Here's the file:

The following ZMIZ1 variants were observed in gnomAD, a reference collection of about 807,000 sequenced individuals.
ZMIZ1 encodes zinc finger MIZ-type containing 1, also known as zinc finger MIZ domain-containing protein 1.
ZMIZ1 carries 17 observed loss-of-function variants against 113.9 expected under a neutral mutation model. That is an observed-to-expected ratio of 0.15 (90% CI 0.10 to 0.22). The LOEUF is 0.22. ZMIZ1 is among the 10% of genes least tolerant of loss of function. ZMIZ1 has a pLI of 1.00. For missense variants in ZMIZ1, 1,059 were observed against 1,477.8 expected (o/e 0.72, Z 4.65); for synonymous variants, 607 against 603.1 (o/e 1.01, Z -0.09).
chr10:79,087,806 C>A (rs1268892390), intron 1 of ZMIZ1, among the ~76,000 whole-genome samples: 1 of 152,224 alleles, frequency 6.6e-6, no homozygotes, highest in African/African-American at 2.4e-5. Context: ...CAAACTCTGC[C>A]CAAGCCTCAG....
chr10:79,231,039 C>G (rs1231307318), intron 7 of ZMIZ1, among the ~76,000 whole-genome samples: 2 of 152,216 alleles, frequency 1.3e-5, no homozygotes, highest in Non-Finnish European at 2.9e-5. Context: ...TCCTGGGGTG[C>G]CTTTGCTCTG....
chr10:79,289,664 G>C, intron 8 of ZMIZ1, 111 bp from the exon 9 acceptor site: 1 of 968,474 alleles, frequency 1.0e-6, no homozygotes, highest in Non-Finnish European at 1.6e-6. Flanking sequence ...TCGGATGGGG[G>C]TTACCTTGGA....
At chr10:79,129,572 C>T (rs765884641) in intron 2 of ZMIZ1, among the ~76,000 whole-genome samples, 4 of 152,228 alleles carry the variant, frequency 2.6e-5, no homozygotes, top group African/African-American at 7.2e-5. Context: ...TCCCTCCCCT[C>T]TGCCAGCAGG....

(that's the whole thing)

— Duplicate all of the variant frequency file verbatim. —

The following ZMIZ1 variants were observed in gnomAD, a reference collection of about 807,000 sequenced individuals.
ZMIZ1 encodes zinc finger MIZ-type containing 1, also known as zinc finger MIZ domain-containing protein 1.
ZMIZ1 carries 17 observed loss-of-function variants against 113.9 expected under a neutral mutation model. That is an observed-to-expected ratio of 0.15 (90% CI 0.10 to 0.22). The LOEUF is 0.22. ZMIZ1 is among the 10% of genes least tolerant of loss of function. ZMIZ1 has a pLI of 1.00. For missense variants in ZMIZ1, 1,059 were observed against 1,477.8 expected (o/e 0.72, Z 4.65); for synonymous variants, 607 against 603.1 (o/e 1.01, Z -0.09).
chr10:79,087,806 C>A (rs1268892390), intron 1 of ZMIZ1, among the ~76,000 whole-genome samples: 1 of 152,224 alleles, frequency 6.6e-6, no homozygotes, highest in African/African-American at 2.4e-5. Context: ...CAAACTCTGC[C>A]CAAGCCTCAG....
chr10:79,231,039 C>G (rs1231307318), intron 7 of ZMIZ1, among the ~76,000 whole-genome samples: 2 of 152,216 alleles, frequency 1.3e-5, no homozygotes, highest in Non-Finnish European at 2.9e-5. Context: ...TCCTGGGGTG[C>G]CTTTGCTCTG....
chr10:79,289,664 G>C, intron 8 of ZMIZ1, 111 bp from the exon 9 acceptor site: 1 of 968,474 alleles, frequency 1.0e-6, no homozygotes, highest in Non-Finnish European at 1.6e-6. Flanking sequence ...TCGGATGGGG[G>C]TTACCTTGGA....
At chr10:79,129,572 C>T (rs765884641) in intron 2 of ZMIZ1, among the ~76,000 whole-genome samples, 4 of 152,228 alleles carry the variant, frequency 2.6e-5, no homozygotes, top group African/African-American at 7.2e-5. Context: ...TCCCTCCCCT[C>T]TGCCAGCAGG....